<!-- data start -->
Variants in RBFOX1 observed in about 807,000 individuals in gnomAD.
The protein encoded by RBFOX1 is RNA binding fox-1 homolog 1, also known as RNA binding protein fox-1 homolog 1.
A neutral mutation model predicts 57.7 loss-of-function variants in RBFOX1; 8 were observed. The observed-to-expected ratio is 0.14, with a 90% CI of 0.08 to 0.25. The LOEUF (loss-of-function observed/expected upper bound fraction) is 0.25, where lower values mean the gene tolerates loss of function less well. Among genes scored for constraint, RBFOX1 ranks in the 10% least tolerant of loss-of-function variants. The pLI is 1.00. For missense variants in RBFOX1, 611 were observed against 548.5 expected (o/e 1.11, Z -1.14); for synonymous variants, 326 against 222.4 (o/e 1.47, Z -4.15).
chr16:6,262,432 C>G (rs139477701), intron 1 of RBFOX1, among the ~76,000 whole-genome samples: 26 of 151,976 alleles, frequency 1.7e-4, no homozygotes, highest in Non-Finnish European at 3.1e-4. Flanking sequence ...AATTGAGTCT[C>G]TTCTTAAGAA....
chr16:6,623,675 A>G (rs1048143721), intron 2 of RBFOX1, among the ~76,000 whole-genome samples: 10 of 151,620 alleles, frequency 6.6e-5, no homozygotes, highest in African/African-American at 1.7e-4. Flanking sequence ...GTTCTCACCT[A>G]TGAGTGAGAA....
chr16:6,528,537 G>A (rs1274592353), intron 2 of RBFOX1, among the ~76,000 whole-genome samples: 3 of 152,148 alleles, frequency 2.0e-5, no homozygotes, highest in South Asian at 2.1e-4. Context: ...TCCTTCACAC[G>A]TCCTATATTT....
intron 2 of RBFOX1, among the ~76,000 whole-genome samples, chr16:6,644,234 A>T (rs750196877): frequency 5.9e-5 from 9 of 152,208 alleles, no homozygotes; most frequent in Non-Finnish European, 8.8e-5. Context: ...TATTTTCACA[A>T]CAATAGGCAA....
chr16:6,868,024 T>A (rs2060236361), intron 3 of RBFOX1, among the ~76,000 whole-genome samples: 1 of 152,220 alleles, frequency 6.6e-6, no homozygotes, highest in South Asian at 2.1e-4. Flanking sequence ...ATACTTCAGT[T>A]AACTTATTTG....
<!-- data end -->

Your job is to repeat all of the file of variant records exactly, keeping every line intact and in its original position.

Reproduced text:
Variants in RBFOX1 observed in about 807,000 individuals in gnomAD.
The protein encoded by RBFOX1 is RNA binding fox-1 homolog 1, also known as RNA binding protein fox-1 homolog 1.
A neutral mutation model predicts 57.7 loss-of-function variants in RBFOX1; 8 were observed. The observed-to-expected ratio is 0.14, with a 90% CI of 0.08 to 0.25. The LOEUF (loss-of-function observed/expected upper bound fraction) is 0.25, where lower values mean the gene tolerates loss of function less well. Among genes scored for constraint, RBFOX1 ranks in the 10% least tolerant of loss-of-function variants. The pLI is 1.00. For missense variants in RBFOX1, 611 were observed against 548.5 expected (o/e 1.11, Z -1.14); for synonymous variants, 326 against 222.4 (o/e 1.47, Z -4.15).
chr16:6,262,432 C>G (rs139477701), intron 1 of RBFOX1, among the ~76,000 whole-genome samples: 26 of 151,976 alleles, frequency 1.7e-4, no homozygotes, highest in Non-Finnish European at 3.1e-4. Flanking sequence ...AATTGAGTCT[C>G]TTCTTAAGAA....
chr16:6,623,675 A>G (rs1048143721), intron 2 of RBFOX1, among the ~76,000 whole-genome samples: 10 of 151,620 alleles, frequency 6.6e-5, no homozygotes, highest in African/African-American at 1.7e-4. Flanking sequence ...GTTCTCACCT[A>G]TGAGTGAGAA....
chr16:6,528,537 G>A (rs1274592353), intron 2 of RBFOX1, among the ~76,000 whole-genome samples: 3 of 152,148 alleles, frequency 2.0e-5, no homozygotes, highest in South Asian at 2.1e-4. Context: ...TCCTTCACAC[G>A]TCCTATATTT....
intron 2 of RBFOX1, among the ~76,000 whole-genome samples, chr16:6,644,234 A>T (rs750196877): frequency 5.9e-5 from 9 of 152,208 alleles, no homozygotes; most frequent in Non-Finnish European, 8.8e-5. Context: ...TATTTTCACA[A>T]CAATAGGCAA....
chr16:6,868,024 T>A (rs2060236361), intron 3 of RBFOX1, among the ~76,000 whole-genome samples: 1 of 152,220 alleles, frequency 6.6e-6, no homozygotes, highest in South Asian at 2.1e-4. Flanking sequence ...ATACTTCAGT[T>A]AACTTATTTG....